Edward Silva, program manager for the FHA's Massachusetts division, said yesterday that he will give the two sides until Feb. 1 to come up with a service plan before recommending that the money be used in other states.
"In order to obligate money, we've got to have a project defined.We don't have that at this time," Mr. Silva
said."We have a serious divergence of opinion between the city and the authority about the (expanded ferry) service." Mr. Silva's action comes in the wake of the Steamship Authority's vote last month to postpone any planning for expanded ferry service until the current passenger boat from New Bedford, the Schamonchi, is on better financial footing. His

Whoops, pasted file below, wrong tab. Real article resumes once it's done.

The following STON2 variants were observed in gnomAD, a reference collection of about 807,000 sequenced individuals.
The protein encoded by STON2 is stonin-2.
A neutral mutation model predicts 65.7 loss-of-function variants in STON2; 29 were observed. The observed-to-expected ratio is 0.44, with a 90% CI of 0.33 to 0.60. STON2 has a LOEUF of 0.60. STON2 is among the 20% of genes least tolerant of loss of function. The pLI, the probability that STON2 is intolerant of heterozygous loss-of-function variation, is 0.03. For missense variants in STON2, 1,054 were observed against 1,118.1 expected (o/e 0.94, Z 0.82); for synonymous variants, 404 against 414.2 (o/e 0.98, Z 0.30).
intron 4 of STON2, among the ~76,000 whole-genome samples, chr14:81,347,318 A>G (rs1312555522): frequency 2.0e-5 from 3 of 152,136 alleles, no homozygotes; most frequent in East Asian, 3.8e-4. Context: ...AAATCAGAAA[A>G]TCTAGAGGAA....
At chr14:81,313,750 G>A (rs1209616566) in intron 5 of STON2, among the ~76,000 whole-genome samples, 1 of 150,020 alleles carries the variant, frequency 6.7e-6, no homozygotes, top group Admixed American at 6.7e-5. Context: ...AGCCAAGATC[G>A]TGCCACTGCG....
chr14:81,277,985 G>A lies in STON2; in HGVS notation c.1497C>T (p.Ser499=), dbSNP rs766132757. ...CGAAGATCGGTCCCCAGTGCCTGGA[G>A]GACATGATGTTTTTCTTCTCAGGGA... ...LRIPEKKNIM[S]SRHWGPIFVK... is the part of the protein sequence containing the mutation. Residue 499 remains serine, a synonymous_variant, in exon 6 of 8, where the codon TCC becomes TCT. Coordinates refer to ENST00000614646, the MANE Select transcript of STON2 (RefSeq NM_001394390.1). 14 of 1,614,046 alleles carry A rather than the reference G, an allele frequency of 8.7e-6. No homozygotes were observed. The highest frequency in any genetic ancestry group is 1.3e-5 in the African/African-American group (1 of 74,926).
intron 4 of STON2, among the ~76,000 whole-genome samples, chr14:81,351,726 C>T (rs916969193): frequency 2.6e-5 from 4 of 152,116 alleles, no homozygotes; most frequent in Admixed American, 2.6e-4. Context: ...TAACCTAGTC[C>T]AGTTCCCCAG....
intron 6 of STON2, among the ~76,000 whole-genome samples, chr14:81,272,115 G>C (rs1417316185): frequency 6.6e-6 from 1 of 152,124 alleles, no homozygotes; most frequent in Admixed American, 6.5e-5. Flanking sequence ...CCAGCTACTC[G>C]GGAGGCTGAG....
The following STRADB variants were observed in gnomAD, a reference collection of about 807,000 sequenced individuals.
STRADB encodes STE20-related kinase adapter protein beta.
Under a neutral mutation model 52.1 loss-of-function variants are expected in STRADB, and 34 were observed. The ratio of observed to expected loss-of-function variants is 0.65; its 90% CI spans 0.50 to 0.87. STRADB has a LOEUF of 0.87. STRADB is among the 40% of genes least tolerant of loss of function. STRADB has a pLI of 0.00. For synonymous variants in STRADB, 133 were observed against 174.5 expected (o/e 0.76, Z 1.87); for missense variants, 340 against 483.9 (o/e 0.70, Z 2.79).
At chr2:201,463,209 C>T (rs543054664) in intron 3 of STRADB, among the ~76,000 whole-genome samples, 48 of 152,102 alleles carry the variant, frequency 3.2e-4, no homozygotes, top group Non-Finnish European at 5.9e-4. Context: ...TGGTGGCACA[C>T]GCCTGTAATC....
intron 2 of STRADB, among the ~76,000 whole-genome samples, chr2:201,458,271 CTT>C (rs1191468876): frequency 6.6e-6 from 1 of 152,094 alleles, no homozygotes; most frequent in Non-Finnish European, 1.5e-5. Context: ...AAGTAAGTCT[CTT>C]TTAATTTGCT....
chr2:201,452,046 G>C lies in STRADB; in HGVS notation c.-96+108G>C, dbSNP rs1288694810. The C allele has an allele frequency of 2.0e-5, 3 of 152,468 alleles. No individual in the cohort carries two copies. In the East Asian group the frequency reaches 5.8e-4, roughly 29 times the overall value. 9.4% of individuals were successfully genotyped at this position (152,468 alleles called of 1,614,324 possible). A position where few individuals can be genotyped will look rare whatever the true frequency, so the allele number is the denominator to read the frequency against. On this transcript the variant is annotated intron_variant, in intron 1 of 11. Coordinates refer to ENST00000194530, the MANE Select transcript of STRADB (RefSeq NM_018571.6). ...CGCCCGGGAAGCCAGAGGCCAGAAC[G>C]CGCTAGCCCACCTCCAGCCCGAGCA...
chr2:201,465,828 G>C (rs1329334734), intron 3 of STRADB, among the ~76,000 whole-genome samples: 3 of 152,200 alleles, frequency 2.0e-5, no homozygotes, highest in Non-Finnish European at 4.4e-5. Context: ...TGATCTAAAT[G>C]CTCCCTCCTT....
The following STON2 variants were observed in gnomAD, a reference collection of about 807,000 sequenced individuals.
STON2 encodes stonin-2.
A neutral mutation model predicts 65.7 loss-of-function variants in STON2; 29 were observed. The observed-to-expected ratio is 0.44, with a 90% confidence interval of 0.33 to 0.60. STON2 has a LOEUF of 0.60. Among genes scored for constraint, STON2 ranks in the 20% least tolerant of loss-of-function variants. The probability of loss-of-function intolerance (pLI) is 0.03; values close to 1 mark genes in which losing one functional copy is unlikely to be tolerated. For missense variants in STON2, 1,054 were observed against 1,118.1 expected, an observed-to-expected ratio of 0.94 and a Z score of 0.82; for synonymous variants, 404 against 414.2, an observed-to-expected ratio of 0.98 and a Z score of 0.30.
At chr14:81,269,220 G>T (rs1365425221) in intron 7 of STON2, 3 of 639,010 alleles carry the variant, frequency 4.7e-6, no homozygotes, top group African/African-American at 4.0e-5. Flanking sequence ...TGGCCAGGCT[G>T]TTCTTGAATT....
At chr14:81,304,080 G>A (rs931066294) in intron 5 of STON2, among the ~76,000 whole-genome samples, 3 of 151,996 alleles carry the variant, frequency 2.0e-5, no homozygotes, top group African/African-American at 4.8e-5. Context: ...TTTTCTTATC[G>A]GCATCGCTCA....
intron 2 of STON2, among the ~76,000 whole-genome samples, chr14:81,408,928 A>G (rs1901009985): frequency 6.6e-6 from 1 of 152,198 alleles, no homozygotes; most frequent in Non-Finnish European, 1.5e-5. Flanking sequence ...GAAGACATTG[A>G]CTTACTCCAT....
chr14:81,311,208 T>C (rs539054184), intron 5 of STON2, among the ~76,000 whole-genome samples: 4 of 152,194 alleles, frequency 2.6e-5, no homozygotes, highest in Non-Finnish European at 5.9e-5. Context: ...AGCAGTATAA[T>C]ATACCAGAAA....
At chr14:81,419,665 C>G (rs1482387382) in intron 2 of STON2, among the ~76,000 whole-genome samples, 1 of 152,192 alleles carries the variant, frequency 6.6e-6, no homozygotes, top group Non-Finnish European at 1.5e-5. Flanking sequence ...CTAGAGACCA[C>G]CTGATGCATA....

decision also comes in the wake of a vote last week by the Southeastern Metropolitan Planning Council giving the two sides 120 days to come up with a plan. New Bedford and the Steamship Authority were supposed to have settled on a high-speed plan by Sept. 30 in order to spend the money, which Sen.
said the Highway Administration has given the one-time extension only because it wants to help the region.It will not recommend additional time, he
said."We've given all the parties the benefit of the doubt," he
said."We could have sent the money back to Washington right now." Mr. Silva
added 30 days to the extension recommended by the planning council because he
did not think it was possible to devise a plan so quickly.
Mr. Leontire and Mr. Silva
said the bottom line is that neither the authority nor the city can spend the money unless it comes up with a plan that is acceptable to the other side.